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The resilience of the class of 2020 brings hope by MEC Kwazi Mshengu, June 2020

The resilience of the class of 2020 brings hope

By Kwazi Mshengu, MEC for Education in KwaZulu-Natal

This year’s June 16 is going to be the first one since the dawn of democracy not to be celebrated through mass gatherings where our Republic and her people remembers the resilience and boldness of the young people of 1976 and the Soweto uprisings that changed the course of South African history.

The Corona Virus which has been the reality in our country for more than 100 days now, has made it illegal for people to gather in numbers and June 16 celebrations are no exception.

It was a sheer coincidence, but a very significant symbolism, that the basic education sector decided that learners were going to go back to school after the lockdown on the Month of June, which is the youth Month in this country. Even though many people were apprehensive (understandably so) as we ventured into the great unknown, the decision to reopen schools was taken in the interest of our young people and with the sole aim of securing their future, while making sure that learners and their educators are safe.

When we visited schools on 08 June 2018, we were inspired and encouraged by the attitude and boldness of our young people. Our learners showed no sign of fear as they went back to school. Instead of anxiety, we saw young people with the sparkle in their eyes and spring on their steps. Their demeanour and body language was awe-inspiring and it reminded us that it was young people in this Month of June in 1976 who did the unthinkable and approached the enemy with nothing, but victory in mind.

This gave us hope that even the enemy of Covid 19 that we all face today is going to be conquered in the same manner the youth of 1976 fought and conquered what was meant to oppress and kill them.

We are now more persuaded that with young people being the majority in the country, as it was the case with the apartheid machinery, Corona Virus is soon going to belong to the museums of history.

While we were welcoming our educators and learners back to school and having taken a collective resolve to fight this pandemic head on, another enemy resurfaced. The claims of institutionalised racism in some of our schools in the country as told by many of former learners who happen to be black, would be disturbing if it was not outright regressive. Racism, whether perceived or real, is an antithesis to what young people of 1976 fought and died for.

Here in KwaZulu-Natal we were confronted by disturbing allegation of racism at Durban Girls College where more than 5000 people signed an online petition against what they called institutionalised racism in that learning institution. Upon learning about these allegations, I personally went to the school to get the school management’s side on the matter. After a lengthy discussions, where I made it clear that racism is abhorrent and cannot be tolerated, they agreed to support and be part of the investigation which is led by Dr Judy Dlamini.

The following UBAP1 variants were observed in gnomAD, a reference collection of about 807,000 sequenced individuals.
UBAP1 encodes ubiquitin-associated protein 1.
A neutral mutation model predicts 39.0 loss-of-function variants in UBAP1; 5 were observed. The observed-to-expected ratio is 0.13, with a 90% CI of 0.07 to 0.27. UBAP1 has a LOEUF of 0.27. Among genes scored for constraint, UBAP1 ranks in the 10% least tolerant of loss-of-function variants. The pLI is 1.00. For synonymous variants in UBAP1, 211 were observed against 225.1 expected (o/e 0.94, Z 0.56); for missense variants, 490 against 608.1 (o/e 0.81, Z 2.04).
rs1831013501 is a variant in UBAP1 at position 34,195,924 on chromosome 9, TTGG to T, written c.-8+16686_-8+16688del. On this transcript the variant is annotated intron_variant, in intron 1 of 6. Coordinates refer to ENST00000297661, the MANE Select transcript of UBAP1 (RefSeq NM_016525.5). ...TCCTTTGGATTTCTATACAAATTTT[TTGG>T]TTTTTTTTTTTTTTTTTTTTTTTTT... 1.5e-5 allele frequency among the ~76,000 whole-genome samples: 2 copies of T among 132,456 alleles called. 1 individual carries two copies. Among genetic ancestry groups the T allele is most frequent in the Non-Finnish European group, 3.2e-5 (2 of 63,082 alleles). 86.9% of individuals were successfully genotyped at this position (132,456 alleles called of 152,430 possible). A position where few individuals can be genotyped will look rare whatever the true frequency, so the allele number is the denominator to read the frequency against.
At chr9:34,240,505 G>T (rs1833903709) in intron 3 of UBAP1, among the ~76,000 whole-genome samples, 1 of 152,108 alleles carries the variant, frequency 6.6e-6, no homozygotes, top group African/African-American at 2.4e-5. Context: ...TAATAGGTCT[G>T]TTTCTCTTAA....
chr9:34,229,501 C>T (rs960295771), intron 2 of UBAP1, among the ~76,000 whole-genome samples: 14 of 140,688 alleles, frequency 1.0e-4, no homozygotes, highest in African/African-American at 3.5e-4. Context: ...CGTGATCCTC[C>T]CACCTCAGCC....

As a country, racism remain one of the insistent feature, an albatross which has been weighing heavily on this otherwise great nation for decades. In the same manner Derek Chauvin pressed on the neck of George Floyd, suffocating him to death in the most diabolical of ways, racism suffocates this nation and short circuits the great potential of this country and her people.

That enduring shocking image of George Floyd suffocating to death, as in the enduring image of the young Hector Peterson, must mobilise the world and our country in particular, to act with collective might against the demon of racism.

It is very unfortunate that in this world we call modern, there are still people who believe that some are inferior or superior only by virtue of the level of their melanin or lack thereof. Even with the scourge of racism, as with other social ills, we rely on and ask our young people to take the lead in fighting and defeating once and for all, this persistent demon of racism.

In His seminal book, entitled Black Skin White Masks, Frantz Fanon, wrote about what he called cognitive dissonance, where people protect their core belief in spite of glaring empirical evidence to the contrary. Fanon wrote, “Sometimes people hold a core belief that is very strong, when they are presented with evidence that works against that belief, the new evidence cannot be accepted. It would create a feeling that is extremely comfortable called cognitive dissonance. And because it is important to protect the core belief, they will rationalise, ignore and even deny anything that doesn’t fit with the core belief.”

This is the case with some people in our country. Some among us refuse to shake their “core belief” that black people are lesser human beings and they hold on to the belief that black lives do not matter.

Our young people must come out in numbers not only to give evidence to break into tatters this core belief, but they must unite, rebuke and break this backward core belief into million negligible pieces. This counter revolutionary core belief and a demon of racism must be challenged and we believe that the exuberance and resilience of young people is the very potent weapon in this critical time in our history.

As we celebrate the resilience of the class of 1976, let the class of 2020 find strength, knowing that they are standing on the shoulders of other young people who refused to be conquered by evil. The story of young people of 1976 must constantly be told because as Chinua Achebe wrote, “Until the lions have their own historians, the history of the hunt will always favour the hunter.”

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Written By: DBE Webmaster
Date Posted: 6/15/2020
Number of Views: 137

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